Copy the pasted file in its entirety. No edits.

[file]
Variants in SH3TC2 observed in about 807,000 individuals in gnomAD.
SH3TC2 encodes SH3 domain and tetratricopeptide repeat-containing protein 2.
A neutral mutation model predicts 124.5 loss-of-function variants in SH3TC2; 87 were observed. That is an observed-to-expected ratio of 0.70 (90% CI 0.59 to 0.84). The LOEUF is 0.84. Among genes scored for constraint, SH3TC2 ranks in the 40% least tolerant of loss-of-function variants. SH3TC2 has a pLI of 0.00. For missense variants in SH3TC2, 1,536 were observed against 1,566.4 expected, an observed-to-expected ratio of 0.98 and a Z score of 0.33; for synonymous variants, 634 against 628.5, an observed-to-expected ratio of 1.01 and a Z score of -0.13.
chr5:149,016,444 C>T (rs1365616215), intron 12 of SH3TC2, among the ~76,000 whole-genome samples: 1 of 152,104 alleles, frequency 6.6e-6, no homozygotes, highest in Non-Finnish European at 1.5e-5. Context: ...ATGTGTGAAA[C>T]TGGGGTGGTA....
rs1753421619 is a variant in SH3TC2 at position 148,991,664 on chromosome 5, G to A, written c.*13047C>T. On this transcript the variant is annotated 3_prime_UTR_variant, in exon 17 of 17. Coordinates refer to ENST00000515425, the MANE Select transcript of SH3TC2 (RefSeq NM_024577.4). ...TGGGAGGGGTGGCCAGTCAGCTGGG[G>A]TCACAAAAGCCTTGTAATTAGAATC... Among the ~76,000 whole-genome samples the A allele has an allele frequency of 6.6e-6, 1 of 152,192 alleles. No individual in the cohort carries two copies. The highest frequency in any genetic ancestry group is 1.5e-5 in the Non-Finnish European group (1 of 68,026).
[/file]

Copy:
Variants in SH3TC2 observed in about 807,000 individuals in gnomAD.
SH3TC2 encodes SH3 domain and tetratricopeptide repeat-containing protein 2.
A neutral mutation model predicts 124.5 loss-of-function variants in SH3TC2; 87 were observed. That is an observed-to-expected ratio of 0.70 (90% CI 0.59 to 0.84). The LOEUF is 0.84. Among genes scored for constraint, SH3TC2 ranks in the 40% least tolerant of loss-of-function variants. SH3TC2 has a pLI of 0.00. For missense variants in SH3TC2, 1,536 were observed against 1,566.4 expected, an observed-to-expected ratio of 0.98 and a Z score of 0.33; for synonymous variants, 634 against 628.5, an observed-to-expected ratio of 1.01 and a Z score of -0.13.
chr5:149,016,444 C>T (rs1365616215), intron 12 of SH3TC2, among the ~76,000 whole-genome samples: 1 of 152,104 alleles, frequency 6.6e-6, no homozygotes, highest in Non-Finnish European at 1.5e-5. Context: ...ATGTGTGAAA[C>T]TGGGGTGGTA....
rs1753421619 is a variant in SH3TC2 at position 148,991,664 on chromosome 5, G to A, written c.*13047C>T. On this transcript the variant is annotated 3_prime_UTR_variant, in exon 17 of 17. Coordinates refer to ENST00000515425, the MANE Select transcript of SH3TC2 (RefSeq NM_024577.4). ...TGGGAGGGGTGGCCAGTCAGCTGGG[G>A]TCACAAAAGCCTTGTAATTAGAATC... Among the ~76,000 whole-genome samples the A allele has an allele frequency of 6.6e-6, 1 of 152,192 alleles. No individual in the cohort carries two copies. The highest frequency in any genetic ancestry group is 1.5e-5 in the Non-Finnish European group (1 of 68,026).